Washington: US President Donald Trump announced that his administration was postponing a planned 5 per cent tariff hike on $250 billion worth of Chinese goods by two weeks as a gesture of goodwill toward Beijing on the 70th anniversary of the founding of the People's Republic.
Trump took to Twitter on Wednesday to announce that the hike from 25 to 30 per cent in duties on certain Chinese imports would take effect on October 15 instead of October 1, as had been previously scheduled, Efe news reported.
"At the request of the Vice Premier of China, Liu He, and due to the fact that the People's Republic of China will be celebrating their 70th anniversary on October 1, we have agreed, as a gesture of good will, to move the increased Tariffs on $250 billion worth of goods (25 per cent to 30 per cent), from October 1 to October 15," the President tweeted.
The development comes after China's Customs Tariff Commission of the State Council on Wednesday postponed the planned 25 per cent tariffs on 16 American products, which were to come into effect on Tuesday, by a year.
These tariffs will now take effect on September 16, 2020, and affects items including fishmeal, some lubricants and raw materials used in cancer drugs.
Reacting to Beijing's move, Chinese state-run daily Global Times said that for China, "granting tariff exemptions on US goods is an innovation of the tariff system" and added that the measure "will benefit some companies from China and the US".
Following the development, global stocks were mostly on the rise. On Thursday, China's Shanghai Composite Index (closed up 0.8 per cent, while Japan's Nikkei also ended 0.8 per cent higher.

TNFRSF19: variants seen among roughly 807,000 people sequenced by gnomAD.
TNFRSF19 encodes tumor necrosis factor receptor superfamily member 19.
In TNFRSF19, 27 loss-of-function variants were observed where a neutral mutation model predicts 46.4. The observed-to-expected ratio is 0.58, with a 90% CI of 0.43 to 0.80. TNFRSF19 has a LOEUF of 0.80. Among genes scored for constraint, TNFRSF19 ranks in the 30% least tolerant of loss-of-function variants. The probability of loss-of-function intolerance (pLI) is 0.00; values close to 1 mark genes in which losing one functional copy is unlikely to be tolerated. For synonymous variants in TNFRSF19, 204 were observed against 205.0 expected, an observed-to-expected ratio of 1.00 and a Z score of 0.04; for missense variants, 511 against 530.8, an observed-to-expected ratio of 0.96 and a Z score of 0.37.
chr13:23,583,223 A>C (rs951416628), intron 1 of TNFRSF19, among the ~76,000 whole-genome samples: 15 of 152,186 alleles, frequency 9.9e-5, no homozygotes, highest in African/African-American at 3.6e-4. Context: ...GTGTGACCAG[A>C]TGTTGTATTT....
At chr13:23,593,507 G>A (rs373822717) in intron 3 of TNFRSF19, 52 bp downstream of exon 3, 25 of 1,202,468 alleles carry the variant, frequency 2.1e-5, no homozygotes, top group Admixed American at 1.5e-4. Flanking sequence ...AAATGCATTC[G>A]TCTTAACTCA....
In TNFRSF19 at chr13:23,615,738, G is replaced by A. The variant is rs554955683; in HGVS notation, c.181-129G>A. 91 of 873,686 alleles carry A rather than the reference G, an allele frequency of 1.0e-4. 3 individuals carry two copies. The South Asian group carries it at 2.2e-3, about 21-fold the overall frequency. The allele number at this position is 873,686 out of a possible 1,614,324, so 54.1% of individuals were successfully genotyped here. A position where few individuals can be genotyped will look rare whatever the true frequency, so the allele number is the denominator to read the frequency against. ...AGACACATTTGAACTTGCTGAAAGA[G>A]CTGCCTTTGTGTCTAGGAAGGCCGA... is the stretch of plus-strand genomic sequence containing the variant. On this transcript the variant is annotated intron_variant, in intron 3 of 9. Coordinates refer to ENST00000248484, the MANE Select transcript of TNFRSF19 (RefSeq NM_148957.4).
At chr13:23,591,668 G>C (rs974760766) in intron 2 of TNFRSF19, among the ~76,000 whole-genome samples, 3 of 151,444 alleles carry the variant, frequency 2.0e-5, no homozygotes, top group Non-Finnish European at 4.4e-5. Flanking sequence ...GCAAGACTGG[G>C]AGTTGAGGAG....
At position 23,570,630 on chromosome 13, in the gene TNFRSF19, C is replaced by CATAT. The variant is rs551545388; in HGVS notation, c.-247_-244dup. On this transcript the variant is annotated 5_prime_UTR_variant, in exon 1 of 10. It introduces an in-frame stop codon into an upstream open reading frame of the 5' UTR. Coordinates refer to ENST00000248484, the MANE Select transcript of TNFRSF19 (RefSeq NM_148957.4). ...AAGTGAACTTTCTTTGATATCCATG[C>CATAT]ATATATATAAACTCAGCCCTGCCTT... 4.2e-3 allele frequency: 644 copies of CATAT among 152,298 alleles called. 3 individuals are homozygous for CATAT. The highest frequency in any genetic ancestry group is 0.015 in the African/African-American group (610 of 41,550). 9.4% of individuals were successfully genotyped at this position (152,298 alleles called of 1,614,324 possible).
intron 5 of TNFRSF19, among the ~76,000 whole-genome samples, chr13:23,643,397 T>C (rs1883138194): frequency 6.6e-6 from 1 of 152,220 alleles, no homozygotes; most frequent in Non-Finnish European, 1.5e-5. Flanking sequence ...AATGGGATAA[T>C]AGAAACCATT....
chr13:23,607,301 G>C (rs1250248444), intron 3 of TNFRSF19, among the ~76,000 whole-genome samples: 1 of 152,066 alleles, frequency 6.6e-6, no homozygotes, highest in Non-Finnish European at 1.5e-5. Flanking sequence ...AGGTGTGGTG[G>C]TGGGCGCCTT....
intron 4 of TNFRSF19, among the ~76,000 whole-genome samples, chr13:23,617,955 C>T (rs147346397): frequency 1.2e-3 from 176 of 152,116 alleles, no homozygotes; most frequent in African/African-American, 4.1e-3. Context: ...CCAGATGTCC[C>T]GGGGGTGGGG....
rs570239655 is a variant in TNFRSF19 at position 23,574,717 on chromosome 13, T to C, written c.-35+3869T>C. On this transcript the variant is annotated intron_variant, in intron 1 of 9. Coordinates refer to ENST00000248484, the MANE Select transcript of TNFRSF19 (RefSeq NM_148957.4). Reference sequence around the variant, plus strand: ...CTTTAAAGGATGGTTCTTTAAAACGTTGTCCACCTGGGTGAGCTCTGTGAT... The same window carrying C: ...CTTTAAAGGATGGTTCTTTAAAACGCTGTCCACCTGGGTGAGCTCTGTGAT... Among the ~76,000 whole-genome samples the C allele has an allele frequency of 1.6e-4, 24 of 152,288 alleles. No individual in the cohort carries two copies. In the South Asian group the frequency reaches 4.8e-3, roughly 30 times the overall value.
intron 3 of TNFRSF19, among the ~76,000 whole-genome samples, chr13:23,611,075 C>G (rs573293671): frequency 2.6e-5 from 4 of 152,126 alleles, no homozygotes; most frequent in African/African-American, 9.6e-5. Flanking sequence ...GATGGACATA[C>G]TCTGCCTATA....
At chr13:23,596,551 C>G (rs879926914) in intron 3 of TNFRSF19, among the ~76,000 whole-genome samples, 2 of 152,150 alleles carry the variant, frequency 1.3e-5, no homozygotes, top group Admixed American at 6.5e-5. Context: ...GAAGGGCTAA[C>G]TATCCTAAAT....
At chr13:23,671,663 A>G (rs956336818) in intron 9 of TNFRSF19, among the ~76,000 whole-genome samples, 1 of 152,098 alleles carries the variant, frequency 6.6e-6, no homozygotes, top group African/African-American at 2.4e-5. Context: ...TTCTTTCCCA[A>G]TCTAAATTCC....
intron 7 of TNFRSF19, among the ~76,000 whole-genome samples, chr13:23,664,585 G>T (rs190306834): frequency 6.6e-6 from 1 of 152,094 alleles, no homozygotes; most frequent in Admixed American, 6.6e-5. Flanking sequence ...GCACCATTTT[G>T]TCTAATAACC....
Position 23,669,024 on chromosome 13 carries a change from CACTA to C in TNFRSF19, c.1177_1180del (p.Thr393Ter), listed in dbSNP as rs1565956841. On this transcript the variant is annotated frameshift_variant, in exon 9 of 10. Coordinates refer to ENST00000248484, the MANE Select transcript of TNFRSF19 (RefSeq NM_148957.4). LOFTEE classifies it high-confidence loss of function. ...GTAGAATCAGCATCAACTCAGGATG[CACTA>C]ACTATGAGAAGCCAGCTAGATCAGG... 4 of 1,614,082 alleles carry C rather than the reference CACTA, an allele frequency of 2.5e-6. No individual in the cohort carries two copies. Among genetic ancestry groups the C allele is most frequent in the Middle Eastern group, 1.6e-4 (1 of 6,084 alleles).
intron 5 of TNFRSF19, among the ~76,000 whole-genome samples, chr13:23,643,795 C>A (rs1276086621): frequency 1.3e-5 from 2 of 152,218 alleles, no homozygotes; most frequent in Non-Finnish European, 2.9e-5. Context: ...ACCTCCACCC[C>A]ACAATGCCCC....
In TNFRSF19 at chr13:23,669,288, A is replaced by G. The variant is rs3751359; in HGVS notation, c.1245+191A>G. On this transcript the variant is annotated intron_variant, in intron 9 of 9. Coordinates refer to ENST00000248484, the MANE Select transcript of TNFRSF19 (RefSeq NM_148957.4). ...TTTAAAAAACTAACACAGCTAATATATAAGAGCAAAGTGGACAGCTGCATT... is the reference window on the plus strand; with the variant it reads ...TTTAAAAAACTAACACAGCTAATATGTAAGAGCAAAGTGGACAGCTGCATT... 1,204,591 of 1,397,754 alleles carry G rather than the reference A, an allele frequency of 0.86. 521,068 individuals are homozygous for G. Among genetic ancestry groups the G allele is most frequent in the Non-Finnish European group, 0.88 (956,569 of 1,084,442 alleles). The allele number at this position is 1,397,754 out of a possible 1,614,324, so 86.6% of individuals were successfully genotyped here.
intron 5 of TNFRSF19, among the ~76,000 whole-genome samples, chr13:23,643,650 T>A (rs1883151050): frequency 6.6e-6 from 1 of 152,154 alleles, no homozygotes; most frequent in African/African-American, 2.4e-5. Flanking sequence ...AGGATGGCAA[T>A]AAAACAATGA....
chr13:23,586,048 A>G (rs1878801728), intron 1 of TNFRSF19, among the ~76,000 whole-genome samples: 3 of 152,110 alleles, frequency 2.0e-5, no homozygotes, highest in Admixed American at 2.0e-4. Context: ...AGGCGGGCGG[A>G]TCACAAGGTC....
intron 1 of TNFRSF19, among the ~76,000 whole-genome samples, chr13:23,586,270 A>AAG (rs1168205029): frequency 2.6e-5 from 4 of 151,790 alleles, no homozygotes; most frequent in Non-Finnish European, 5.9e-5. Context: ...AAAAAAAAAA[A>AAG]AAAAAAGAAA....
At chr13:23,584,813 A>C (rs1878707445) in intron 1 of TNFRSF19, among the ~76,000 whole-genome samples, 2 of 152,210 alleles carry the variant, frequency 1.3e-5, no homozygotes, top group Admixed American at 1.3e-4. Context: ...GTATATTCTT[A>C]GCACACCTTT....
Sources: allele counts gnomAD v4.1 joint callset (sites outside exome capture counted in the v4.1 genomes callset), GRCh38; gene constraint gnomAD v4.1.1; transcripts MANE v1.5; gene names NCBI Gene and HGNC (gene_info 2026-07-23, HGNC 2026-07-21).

The delay of tariffs come as the two sides prepare to hold their 13th round of talks aimed at resolving their long-running trade dispute, the BBC reported.
Preliminary meetings are set to take place later this month in Washington before US treasury secretary Steven Mnuchin and trade representative Robert Lighthizer meet China's Liu in October.
On September 1, the latest episode in the ongoing trade war between the two superpowers saw the US implement a 5 per cent tariff increase from 10 to 15 per cent on Chinese imports worth $112 billion.
Also, Washington is set to raise to 15 per cent the duties on the remaining goods from China that are still taxed at 10 per cent, reaching $300 billion worth of Chinese products in total, on December 15.
In reaction to the US' move, China slapped its own tariffs of between 5 and 10 per cent on American products valued at $75 billion.